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RE: [GreenYes] personal anecdote on the bag issue
Hi Jeff,
I do the same thing with my plastic garbage bags -- double them up and use
them for household garbage instead of buying plastic trash bags.  The small
size works for the 2 of us most of the time, and I do have a backup box of
bigger ones for when we have a household cleanout, or a mess of seafood,
In our area (Northern Virginia) the largest grocery store chains do backhaul
the plastic bags collected out front to their warehouse, bale them, and sell
them to Trex in Winchester for plastic lumber production.  Trex also has
facilities in the west, and I think the Midwest.  
PS -- by daily pick-up, do you really mean daily, or just a dumpster
available in the lot?  Our dumpsters are picked up twice a week in the condo
complex.  But we still only take the trash out when it's full.

Fairfax, VA

-----Original Message-----
From: Elder.Jeff [] 
Sent: Thursday, September 26, 2002 6:57 PM
To: ''
Subject: [GreenYes] personal anecdote on the bag issue

Just a personal anecdote regarding the grocery bag issue.   I've gone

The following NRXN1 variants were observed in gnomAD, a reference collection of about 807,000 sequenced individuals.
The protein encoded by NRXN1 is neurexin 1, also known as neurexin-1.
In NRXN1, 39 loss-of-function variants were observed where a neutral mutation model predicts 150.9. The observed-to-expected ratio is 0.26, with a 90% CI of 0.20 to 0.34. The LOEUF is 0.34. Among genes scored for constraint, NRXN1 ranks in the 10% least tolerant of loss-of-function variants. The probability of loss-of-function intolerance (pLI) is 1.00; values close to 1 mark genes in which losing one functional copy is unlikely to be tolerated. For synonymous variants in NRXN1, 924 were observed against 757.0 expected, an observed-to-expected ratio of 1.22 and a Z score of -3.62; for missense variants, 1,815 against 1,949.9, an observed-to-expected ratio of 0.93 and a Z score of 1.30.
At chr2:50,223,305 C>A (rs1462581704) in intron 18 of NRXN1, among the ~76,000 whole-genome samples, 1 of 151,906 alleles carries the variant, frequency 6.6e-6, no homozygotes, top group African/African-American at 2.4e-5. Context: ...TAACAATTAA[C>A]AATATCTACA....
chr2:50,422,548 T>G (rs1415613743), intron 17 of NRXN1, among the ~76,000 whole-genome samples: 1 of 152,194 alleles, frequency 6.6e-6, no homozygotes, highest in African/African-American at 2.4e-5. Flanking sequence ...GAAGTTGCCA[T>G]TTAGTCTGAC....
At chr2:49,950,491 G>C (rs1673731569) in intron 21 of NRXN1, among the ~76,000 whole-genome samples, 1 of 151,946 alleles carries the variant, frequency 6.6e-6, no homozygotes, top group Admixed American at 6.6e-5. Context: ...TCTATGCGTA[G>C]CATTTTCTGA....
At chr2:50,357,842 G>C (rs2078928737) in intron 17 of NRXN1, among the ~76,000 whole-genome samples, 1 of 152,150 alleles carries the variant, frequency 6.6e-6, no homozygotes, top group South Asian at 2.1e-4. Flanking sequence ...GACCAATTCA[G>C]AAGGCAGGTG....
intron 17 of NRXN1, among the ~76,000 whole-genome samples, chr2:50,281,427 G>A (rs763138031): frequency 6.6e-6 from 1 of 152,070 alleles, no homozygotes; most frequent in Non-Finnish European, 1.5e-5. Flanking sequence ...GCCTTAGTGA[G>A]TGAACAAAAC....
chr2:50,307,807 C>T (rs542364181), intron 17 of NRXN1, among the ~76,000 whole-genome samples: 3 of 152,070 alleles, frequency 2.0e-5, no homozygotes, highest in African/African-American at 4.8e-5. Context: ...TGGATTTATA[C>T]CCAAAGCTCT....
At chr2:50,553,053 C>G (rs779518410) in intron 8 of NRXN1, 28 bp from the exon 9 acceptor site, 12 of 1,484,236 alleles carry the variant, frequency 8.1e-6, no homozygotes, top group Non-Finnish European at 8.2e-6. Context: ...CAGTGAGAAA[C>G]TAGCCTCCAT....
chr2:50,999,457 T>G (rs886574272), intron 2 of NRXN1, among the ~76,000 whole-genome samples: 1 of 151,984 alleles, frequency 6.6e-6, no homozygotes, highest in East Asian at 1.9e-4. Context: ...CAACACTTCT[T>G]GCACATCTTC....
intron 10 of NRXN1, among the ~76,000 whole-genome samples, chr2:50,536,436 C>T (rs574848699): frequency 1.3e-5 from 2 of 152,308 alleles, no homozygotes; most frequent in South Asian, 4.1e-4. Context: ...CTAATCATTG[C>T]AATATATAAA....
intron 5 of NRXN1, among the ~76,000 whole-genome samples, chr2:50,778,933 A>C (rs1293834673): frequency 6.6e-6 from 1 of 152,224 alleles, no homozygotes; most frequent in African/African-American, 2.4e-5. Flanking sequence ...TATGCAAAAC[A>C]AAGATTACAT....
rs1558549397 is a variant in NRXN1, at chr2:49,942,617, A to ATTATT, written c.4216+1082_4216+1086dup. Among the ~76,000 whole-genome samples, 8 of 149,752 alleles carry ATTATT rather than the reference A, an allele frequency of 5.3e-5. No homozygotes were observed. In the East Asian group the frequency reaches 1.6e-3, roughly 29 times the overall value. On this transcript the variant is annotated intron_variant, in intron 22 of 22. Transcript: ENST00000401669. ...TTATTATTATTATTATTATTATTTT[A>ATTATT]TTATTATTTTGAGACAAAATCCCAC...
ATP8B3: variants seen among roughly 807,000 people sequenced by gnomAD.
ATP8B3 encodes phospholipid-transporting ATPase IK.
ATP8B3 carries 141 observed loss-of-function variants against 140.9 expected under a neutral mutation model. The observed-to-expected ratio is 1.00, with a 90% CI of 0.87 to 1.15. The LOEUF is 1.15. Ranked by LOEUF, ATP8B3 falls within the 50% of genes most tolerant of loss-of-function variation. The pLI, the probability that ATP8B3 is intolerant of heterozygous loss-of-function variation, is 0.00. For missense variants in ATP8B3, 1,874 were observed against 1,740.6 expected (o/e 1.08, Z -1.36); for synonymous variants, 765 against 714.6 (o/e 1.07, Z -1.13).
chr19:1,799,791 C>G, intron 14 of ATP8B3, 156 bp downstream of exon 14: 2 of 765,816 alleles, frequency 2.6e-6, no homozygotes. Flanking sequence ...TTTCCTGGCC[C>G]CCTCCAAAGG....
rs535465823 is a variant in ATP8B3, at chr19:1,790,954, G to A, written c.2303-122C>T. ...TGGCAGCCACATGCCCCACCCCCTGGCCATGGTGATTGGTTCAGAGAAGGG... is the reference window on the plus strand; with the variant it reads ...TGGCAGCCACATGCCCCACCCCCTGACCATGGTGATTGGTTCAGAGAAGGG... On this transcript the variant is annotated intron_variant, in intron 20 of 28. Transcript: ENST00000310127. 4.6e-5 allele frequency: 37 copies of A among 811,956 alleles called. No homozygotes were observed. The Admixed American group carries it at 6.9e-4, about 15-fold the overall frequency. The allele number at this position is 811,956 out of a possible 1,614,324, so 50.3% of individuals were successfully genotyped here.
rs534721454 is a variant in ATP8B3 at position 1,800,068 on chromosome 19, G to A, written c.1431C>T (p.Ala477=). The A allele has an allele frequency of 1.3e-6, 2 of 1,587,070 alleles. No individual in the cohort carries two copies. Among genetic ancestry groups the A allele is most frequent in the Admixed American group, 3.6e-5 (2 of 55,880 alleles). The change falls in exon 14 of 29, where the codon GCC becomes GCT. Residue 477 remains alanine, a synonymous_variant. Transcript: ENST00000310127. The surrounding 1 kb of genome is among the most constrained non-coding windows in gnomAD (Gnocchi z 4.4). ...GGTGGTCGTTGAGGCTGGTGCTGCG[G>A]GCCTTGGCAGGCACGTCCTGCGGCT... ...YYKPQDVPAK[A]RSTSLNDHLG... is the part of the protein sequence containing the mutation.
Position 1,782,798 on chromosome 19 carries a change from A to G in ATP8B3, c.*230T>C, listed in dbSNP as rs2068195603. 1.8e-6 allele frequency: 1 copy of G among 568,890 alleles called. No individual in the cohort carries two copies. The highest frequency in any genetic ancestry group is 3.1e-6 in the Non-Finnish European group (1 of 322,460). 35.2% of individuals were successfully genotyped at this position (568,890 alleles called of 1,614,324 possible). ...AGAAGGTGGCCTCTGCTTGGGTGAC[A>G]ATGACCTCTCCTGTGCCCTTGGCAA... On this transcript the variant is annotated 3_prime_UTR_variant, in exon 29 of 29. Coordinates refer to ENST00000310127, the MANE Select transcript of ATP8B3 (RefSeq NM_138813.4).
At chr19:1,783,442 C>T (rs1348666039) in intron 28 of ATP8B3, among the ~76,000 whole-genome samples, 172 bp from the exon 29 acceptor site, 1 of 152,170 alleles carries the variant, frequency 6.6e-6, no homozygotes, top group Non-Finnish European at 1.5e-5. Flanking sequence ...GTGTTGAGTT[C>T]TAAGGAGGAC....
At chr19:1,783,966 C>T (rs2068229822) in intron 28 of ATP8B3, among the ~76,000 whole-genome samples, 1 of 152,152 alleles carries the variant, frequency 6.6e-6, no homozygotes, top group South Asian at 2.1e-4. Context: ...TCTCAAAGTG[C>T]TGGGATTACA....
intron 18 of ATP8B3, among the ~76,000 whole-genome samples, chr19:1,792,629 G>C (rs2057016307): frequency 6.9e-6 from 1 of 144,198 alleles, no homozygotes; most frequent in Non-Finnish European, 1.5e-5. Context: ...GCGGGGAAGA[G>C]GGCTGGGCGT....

through various stages of outrage at the plastic bag mania we have in our
economy.  I've used reusable bags before, but did often forget (for shame!).
I have to admit I've even gotten lazy once or twice once I've found myself
in the store and the bags in the car and not gone out and gotten them
(double for shame!).  I haven't ever used bags twice or more as was
recommended, but I feel somewhat better now with my current system, which is
using the little plastic bags from grocery stores for my garbage.  Since I
don't have a family, the trash load is fairly small, so the little bags
allow me to discard the trash more often without it smelling up my kitchen.
I have a daily pickup but could imagine larger household (or those without
daily pickups) just toting the smaller bags out to the larger trash can.
The beauty of this system (you can tell I'm quite smug about this ;)  )  is
that I don't buy the expensive and very thick plastic garbage bags at the
store, which, I imagine, contains a heckuva lot more plastic than the
paper-thin ones you get in the grocery store.  The only problem I can see is
that you do sometimes get more bags than you need for trash - but I've
rarely had an oversupply.   Curious, does anyone know what actually happens
to the plastic bag collections that grocery stores have? I sometimes do that
when I have too many.  Do those actually get recycled? ( I have memories of
Gruene Punkt in Germany where the symbol rarely meant that something was
being recycled, or so I was told).  

Jeff Elder
Alex, Va.

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